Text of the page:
After lunch, Harold took me down the street to the Winters Express Office on Railroad Ave. In the back room I found my wife Kathy, Councilmember Jiley Romney, City Attorney John Wallace and his assistant/School Board President Mary Jo Rodolfa. The entire discussion focused on our family and children. Jiley and Mary Jo talked about schools and raising children in Winters. John told me that his family ran the newspaper and he was also the town attorney along with Harold. They wanted assurances that we would put our kids in the public schools.
John walked me around the Express Office and I met his parents Newt and Ida. John showed off a picture of Newt in the White House Meeting with John F. Kennedy. I met the Editor, Debra Ramos. I also saw Charley. They all seemed really nice!
I finished my visit with John by talking about the community. Specifically, I asked him about that plaque at City Park and the playground structure. “Was that story about the community building that playground in a week really true”? John got very serious and said the story “was absolutely true”! The playground had been financed and built entirely by volunteers. I later told Kathy about the plaque and she said that in talking with Mary Jo and Jiley, they both talked about doing things in the community.
We drove back to Arnold with our heads spinning. Was this a real place? Did we want to move from our roots in Southern California 500 miles north to a little town. The entire day seemed surreal and all the people so genuine. That night we camped at Calavaras State Park. The next day while lounging at the pool, my stepfather walks up to me with his arm extended to “shake the hand of the new City Manager of Winters”. The recruiter had called and told him they were going to offer me the job. I was floored, excited and sick to my stomach all at the same time!
Over the course of the next month, the Council came to Grand Terrace for a site visit and to meet City Council and Community members who I worked with there. They eventually offered me the $90,000 salary and I took it. Kathy and I were terrified but we determined Winters would be the perfect place to raise our children.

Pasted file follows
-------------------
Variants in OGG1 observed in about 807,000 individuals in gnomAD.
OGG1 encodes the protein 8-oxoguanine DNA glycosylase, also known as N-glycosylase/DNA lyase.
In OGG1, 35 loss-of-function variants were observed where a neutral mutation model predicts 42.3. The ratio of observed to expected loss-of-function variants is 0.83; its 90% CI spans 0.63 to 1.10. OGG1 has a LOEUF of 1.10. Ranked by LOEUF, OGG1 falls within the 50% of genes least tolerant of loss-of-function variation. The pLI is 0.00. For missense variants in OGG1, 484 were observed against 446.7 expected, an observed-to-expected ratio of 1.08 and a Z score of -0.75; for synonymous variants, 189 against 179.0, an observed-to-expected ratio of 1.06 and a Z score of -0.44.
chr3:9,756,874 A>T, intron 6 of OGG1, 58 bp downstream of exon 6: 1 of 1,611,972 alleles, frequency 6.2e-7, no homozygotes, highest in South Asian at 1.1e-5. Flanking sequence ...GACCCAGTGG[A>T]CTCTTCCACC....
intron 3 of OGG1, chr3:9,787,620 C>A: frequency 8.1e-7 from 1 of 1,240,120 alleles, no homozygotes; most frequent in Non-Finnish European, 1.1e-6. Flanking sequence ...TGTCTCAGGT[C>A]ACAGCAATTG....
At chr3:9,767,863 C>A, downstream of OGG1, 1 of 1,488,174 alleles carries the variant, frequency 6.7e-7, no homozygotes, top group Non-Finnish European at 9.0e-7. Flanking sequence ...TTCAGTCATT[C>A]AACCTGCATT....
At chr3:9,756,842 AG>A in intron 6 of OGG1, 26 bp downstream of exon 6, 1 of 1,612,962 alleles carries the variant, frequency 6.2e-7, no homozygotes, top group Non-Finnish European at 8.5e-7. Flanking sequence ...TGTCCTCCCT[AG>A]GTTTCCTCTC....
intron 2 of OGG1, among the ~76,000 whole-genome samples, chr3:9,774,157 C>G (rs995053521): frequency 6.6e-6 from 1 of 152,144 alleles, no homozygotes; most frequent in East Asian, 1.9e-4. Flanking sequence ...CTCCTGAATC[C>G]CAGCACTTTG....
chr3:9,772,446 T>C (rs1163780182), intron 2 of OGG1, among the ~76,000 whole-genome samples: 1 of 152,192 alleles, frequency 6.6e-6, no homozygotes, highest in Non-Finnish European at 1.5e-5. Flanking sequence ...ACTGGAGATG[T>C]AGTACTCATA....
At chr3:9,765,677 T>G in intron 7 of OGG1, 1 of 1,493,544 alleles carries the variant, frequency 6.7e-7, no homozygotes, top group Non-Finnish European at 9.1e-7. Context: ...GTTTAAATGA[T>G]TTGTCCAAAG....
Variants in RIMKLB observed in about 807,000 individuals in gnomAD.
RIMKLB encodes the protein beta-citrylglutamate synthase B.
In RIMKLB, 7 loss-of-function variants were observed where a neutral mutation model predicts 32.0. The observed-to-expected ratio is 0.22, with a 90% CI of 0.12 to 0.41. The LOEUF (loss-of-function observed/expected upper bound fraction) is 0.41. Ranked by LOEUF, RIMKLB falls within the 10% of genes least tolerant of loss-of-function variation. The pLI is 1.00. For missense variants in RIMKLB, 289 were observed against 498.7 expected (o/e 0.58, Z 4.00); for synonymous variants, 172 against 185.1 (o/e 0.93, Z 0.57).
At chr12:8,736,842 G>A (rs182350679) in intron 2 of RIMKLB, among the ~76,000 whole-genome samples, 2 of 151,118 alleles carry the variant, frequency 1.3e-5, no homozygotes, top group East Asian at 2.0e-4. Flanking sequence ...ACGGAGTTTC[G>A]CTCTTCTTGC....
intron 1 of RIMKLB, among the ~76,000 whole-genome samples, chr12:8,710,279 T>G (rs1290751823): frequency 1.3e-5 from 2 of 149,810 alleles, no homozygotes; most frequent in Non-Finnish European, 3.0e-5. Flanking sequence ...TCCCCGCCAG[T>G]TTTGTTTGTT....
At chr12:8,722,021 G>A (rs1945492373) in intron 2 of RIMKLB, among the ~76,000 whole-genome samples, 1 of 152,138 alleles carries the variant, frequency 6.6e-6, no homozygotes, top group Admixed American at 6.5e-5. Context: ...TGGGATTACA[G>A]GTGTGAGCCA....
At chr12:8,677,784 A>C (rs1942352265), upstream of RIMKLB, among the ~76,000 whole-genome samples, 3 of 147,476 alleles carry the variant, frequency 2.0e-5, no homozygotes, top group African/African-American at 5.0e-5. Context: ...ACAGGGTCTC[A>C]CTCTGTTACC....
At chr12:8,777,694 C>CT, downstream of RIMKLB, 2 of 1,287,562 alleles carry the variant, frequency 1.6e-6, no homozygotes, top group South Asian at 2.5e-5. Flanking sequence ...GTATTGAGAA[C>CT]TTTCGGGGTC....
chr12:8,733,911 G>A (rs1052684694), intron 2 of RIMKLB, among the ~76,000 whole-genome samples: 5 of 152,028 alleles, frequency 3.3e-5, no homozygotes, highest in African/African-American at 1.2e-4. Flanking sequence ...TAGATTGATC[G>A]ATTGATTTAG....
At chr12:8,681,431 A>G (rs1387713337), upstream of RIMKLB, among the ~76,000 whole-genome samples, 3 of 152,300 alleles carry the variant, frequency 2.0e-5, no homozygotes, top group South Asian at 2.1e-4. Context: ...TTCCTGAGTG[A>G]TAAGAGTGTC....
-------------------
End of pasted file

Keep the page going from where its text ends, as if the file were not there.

So we are deciding to take a 40% cut in pay, move 500 miles away from family and friends, Kathy would need to find another job and all because we thought the people were nice. Yup, the plan sounds solid!
The Offer and Hire……
In August, I flew to Winters for the City Council Meeting to ratify the employment agreement. The City Council was Chris Calvert, Tom Stone, Jiley Romney, John Frazier and Harold Anderson. The only other people in the room were John Wallace as City Attorney and Charley Wallace representing the Winters Express. After the vote, Charley took a photo of me and Mayor Tom Stone (which is one of my cherished possessions).
The Council said we would all go out to dinner at the Buckhorn to celebrate which we did! The meal was incredible and everyone in the place seemed to know each other.
Before we left the City Council Chamber to go to the Buckhorn, Charley asks me “how long are you going to stick around before moving on” (I was 36 at the time and this was a good stepping stone job to bigger things)? I told him that we would see how everything works out. Charley smiled and told me that “you will never be considered to be from Winters and your kids can only “be from Winters” if they graduate from Winters High School”. I took that as a challenge and a sense of community ownership and pride. I liked it and have always felt it was heartfelt from Charley.
I am really proud to say that my kids are Winters High School graduates and we will always consider ourselves to be from Winters.
Next Segment: My first days on the job.